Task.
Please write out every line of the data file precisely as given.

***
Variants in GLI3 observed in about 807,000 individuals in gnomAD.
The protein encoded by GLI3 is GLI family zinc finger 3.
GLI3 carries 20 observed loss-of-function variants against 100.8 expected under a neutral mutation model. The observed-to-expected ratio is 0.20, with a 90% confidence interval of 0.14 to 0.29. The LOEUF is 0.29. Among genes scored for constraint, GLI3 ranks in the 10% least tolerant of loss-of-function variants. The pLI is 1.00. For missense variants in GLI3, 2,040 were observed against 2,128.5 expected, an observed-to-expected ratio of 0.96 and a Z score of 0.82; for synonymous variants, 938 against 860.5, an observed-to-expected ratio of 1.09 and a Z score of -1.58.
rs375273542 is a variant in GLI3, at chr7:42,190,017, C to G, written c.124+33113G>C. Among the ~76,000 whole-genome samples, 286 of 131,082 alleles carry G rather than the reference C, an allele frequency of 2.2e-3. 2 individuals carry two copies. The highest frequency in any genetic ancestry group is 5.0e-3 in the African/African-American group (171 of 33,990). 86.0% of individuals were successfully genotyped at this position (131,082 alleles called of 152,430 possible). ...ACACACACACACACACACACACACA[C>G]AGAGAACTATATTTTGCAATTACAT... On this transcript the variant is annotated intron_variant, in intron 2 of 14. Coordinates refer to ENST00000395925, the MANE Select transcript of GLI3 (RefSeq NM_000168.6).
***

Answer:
Variants in GLI3 observed in about 807,000 individuals in gnomAD.
The protein encoded by GLI3 is GLI family zinc finger 3.
GLI3 carries 20 observed loss-of-function variants against 100.8 expected under a neutral mutation model. The observed-to-expected ratio is 0.20, with a 90% confidence interval of 0.14 to 0.29. The LOEUF is 0.29. Among genes scored for constraint, GLI3 ranks in the 10% least tolerant of loss-of-function variants. The pLI is 1.00. For missense variants in GLI3, 2,040 were observed against 2,128.5 expected, an observed-to-expected ratio of 0.96 and a Z score of 0.82; for synonymous variants, 938 against 860.5, an observed-to-expected ratio of 1.09 and a Z score of -1.58.
rs375273542 is a variant in GLI3, at chr7:42,190,017, C to G, written c.124+33113G>C. Among the ~76,000 whole-genome samples, 286 of 131,082 alleles carry G rather than the reference C, an allele frequency of 2.2e-3. 2 individuals carry two copies. The highest frequency in any genetic ancestry group is 5.0e-3 in the African/African-American group (171 of 33,990). 86.0% of individuals were successfully genotyped at this position (131,082 alleles called of 152,430 possible). ...ACACACACACACACACACACACACA[C>G]AGAGAACTATATTTTGCAATTACAT... On this transcript the variant is annotated intron_variant, in intron 2 of 14. Coordinates refer to ENST00000395925, the MANE Select transcript of GLI3 (RefSeq NM_000168.6).